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Can you guess which education bill is moving unscathed through the Florida Legislature?

Can you guess which education bill is moving unscathed through the Florida Legislature?
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Florida’s legislative session has generated some heavy-duty debate on big education issues, such as expanding tax credit scholarships and increasing accountability on the schools that accept them.

Most have proven so contentious that they have not gone without amending in their chamber of origin, much less in the opposite one. HB 7055 is but one prominent example: The Senate took the House version and completely rewrote it, and now Democrats in the Senate are proposing to revamp the rewrite. (See the Republican and Democrat strike-all amendments, which come up for discussion in Appropriations on Tuesday.)

But one bill has made it all the way through the House, with a 112-0 vote, with its identical companion poised for Senate approval (perhaps later this week) after having skated through three committees without a single note of opposition.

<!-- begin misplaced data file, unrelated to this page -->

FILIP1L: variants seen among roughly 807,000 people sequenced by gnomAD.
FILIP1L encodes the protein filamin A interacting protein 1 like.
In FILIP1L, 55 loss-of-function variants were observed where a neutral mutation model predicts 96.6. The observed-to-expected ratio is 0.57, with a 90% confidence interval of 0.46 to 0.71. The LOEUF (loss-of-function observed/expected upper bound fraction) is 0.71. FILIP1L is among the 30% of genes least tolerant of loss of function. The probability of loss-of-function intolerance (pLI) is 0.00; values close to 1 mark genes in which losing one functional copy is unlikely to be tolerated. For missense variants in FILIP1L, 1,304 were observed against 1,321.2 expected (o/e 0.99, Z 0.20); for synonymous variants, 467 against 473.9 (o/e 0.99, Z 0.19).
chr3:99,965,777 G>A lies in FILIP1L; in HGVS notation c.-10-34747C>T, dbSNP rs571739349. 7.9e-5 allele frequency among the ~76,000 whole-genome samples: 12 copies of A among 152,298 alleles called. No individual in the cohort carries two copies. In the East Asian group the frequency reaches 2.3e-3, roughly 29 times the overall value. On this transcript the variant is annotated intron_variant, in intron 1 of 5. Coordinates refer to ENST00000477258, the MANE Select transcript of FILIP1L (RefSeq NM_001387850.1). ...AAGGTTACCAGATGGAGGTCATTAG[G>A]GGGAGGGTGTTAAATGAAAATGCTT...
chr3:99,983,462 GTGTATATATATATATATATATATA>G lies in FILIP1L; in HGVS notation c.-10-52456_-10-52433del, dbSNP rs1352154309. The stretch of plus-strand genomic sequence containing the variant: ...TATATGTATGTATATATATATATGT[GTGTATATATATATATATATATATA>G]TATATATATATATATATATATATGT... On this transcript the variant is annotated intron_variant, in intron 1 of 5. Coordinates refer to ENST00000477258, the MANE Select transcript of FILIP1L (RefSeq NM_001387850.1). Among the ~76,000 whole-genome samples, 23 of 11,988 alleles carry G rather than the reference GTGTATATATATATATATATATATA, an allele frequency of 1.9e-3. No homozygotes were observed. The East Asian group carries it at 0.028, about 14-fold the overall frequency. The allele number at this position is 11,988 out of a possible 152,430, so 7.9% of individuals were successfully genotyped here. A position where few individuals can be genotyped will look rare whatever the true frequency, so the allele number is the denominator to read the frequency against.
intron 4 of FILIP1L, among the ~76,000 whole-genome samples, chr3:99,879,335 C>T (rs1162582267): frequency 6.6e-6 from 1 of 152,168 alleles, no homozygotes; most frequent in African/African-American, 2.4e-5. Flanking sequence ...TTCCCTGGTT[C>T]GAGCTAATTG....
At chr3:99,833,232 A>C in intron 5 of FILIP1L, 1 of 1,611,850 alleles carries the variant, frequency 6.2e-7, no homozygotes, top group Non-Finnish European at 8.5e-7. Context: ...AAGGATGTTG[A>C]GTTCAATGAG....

SB 856 / HB 577, with a bipartisan list of sponsors including Democrat Sen. Bill Montford and Republican Rep. Byron Donalds, aims to do one simple thing. It would allow high school students to count credits earned in approved apprenticeship and pre-apprenticeship programs toward their graduation.

They could use the credit to fulfill either a fine or performing arts requirement, or as one of eight elective credits.

Lawmakers have talked about providing alternate paths toward a high school diploma for several years now, debating such ideas as eliminating certain tests and including industry certifications as substitutes for some course requirements. This measure, which by all accounts is the only education bill to move through both chambers unimpeded so far this session, marks another step toward that goal.

Leaders have said it’s critical to make sure that as many students as possible get their diplomas, which are a key to jobs and military service after high school.

So while other bills continue to come under fire, or seek a landing spot in the session now growing consumed by school safety and gun control efforts, this might be the one education issue that survives intact. Now be honest. Did you guess right?

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